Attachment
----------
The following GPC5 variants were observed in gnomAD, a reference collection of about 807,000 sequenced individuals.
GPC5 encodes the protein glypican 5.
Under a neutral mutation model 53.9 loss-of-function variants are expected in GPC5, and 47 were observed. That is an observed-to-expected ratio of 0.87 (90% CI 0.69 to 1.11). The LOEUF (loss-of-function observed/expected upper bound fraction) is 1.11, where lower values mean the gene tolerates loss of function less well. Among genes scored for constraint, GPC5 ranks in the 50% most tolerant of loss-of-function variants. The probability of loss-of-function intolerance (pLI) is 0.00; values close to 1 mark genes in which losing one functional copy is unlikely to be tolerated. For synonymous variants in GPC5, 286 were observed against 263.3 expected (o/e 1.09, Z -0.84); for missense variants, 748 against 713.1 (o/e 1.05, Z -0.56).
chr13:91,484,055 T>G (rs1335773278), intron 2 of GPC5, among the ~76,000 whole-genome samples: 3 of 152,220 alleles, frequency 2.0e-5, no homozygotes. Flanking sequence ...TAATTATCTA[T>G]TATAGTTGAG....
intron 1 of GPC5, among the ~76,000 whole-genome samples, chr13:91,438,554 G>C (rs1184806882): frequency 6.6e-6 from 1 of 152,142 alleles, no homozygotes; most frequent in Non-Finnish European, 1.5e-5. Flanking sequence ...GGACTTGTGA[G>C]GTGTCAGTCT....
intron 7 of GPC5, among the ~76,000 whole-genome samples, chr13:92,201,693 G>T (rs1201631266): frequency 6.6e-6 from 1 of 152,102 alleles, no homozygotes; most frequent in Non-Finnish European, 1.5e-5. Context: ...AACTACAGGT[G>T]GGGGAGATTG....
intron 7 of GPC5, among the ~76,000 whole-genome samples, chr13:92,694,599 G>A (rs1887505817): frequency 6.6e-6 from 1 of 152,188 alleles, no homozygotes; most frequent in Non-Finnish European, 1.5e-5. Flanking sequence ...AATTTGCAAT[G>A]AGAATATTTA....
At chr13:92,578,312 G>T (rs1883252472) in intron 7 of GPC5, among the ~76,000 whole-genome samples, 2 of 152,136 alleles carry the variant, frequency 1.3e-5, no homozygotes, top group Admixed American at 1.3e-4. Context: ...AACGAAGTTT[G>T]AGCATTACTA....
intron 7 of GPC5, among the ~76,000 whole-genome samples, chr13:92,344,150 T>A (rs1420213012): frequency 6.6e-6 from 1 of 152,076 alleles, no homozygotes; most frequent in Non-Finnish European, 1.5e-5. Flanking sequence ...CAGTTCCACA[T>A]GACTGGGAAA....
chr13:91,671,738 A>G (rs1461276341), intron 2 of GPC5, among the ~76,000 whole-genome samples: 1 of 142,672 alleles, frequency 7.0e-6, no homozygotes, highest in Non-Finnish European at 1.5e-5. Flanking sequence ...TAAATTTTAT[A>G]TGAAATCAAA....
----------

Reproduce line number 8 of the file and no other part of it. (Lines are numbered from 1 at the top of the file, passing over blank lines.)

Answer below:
At chr13:92,578,312 G>T (rs1883252472) in intron 7 of GPC5, among the ~76,000 whole-genome samples, 2 of 152,136 alleles carry the variant, frequency 1.3e-5, no homozygotes, top group Admixed American at 1.3e-4. Context: ...AACGAAGTTT[G>T]AGCATTACTA....